The Silence of Water
It’s the turn of the century when Fan’s mother, Agnes, announces the family is moving to Western Australia to take care of Agnes’s father – a man they’ve never spoken of before now. Fan finds herself a stranger in a new town living in a home whose currents and tensions she cannot read or understand.
Resentful of her mother’s decision to move, Fan forms an alliance with her grandfather, Edwin Salt, a convict transported to Australia in 1861. As she listens to memories of his former life in England, Fan starts snooping around the house, riffling through Edwin’s belongings in an attempt to fill the gaps in his stories. But the secrets Fan uncovers will test the family’s fragile bonds forever, and force Edwin into a final reckoning with the brutality of his past.
PRAISE FOR THE BOOK
‘Fans of Australian historical fiction (such as the work of Kate Grenville) may be naturally drawn to this City of Fremantle Hungerford Award-shortlisted debut, but it’s a thought-provoking and engrossing read for any general reader.’ Books+Publishing
‘With careful research and sparse, elegant prose Sharron Booth reveals how the life and crimes of a Western Australian convict affect generations of his family. By bringing to life this neglected aspect of our convict history, Booth reminds us it is the secrets and silences of the past which often exert the most power upon the present.’ Kiera Lindsey
‘Wonderful characters provide the foil to the bitterness Edwin suffers and we see the beginning of that Aussie spirit. The writing from this first-time author is captivating … I was totally enthralled by this tale and was very sad when the book ended. I will definitely look for the next book by this talented author.’ Good Reading Magazine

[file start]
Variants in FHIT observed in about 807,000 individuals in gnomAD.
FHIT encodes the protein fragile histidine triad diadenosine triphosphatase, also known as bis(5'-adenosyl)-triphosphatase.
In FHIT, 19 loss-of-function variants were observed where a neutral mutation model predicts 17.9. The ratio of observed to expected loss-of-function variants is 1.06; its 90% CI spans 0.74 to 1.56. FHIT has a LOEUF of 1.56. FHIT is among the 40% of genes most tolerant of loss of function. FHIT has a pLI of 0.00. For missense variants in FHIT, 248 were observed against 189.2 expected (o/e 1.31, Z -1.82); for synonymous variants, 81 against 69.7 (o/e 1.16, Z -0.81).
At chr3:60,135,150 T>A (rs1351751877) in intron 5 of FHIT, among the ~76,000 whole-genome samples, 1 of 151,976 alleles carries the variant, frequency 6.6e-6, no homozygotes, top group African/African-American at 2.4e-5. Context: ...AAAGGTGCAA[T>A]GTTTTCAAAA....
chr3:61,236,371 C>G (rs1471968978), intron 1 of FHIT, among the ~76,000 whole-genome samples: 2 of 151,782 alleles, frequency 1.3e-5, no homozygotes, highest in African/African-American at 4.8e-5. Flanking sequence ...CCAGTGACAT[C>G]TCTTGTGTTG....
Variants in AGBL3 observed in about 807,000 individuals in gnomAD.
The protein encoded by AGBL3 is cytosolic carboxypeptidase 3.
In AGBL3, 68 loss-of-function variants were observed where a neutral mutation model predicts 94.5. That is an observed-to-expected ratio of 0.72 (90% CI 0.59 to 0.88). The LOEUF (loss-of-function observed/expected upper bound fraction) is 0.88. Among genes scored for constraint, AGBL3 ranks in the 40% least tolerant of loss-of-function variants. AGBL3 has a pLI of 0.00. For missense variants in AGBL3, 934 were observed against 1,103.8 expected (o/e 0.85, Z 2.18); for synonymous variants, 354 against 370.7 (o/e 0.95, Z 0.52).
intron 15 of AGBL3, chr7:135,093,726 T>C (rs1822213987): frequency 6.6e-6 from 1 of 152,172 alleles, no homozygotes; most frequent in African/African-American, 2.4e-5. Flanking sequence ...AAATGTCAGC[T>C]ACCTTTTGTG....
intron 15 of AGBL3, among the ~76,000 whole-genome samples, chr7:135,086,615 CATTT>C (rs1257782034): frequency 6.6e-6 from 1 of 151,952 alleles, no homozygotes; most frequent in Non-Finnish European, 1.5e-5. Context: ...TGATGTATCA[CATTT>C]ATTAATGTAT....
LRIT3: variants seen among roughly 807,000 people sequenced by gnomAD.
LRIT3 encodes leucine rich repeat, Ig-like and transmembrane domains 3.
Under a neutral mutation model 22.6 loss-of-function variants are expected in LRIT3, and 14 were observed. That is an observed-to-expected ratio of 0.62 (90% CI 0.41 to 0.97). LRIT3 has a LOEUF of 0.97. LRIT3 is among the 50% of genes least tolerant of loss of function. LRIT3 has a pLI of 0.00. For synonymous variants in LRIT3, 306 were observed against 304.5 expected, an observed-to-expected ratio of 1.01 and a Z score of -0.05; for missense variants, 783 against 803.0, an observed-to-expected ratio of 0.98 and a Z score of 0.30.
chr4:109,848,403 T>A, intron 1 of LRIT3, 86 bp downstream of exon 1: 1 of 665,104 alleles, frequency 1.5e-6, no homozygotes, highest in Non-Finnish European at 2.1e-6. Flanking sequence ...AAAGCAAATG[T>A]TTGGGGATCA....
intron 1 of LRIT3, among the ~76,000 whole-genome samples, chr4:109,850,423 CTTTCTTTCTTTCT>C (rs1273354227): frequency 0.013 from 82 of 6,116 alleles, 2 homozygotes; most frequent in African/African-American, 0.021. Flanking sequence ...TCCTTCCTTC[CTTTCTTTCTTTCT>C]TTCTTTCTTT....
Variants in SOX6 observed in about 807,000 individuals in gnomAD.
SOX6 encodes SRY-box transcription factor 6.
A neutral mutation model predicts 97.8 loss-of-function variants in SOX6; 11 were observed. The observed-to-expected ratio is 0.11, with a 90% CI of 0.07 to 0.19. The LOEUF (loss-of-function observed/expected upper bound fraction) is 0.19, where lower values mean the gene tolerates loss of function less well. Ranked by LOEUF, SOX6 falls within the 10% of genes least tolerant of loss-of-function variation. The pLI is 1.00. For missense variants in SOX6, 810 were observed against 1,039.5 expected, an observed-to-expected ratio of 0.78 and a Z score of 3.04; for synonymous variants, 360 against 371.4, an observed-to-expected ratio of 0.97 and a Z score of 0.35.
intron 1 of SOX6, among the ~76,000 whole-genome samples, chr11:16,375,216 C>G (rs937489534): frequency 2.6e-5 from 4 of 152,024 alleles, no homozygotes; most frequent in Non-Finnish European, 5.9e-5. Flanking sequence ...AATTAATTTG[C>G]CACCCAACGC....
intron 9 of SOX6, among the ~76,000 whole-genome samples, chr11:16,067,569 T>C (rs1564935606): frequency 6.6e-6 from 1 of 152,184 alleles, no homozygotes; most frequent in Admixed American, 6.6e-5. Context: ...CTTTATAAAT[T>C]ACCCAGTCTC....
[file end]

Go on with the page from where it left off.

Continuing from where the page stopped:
‘The crime that brings Edwin Salt to Australia echoes through this story of three generations, beautifully and powerfully wrought from convict history and a lyrical writerly imagination.’ Amanda Curtin
‘This is a book that approaches the darker elements of its subject matter, including issues such as domestic violence, with sensitivity. It’s also a deeply felt contribution towards efforts to reclaim the dignity and human complexity of women often silenced or maligned in “official” historical narratives.’ Bunbury Herald
‘Full of historical facts woven into a complex story of generations impacted by the past, The Silence of Water is a powerful contribution to WA’s own convict history.’ Subiaco Post
‘It was so refreshing to read the restrained prose of this debut novel …’ ANZ LitLovers
‘We just loved The Silence of Water. Such a satisfying story at so many levels.’ Fremantle Shipping News
City of Fremantle Hungerford Award (Shortlisted 2020)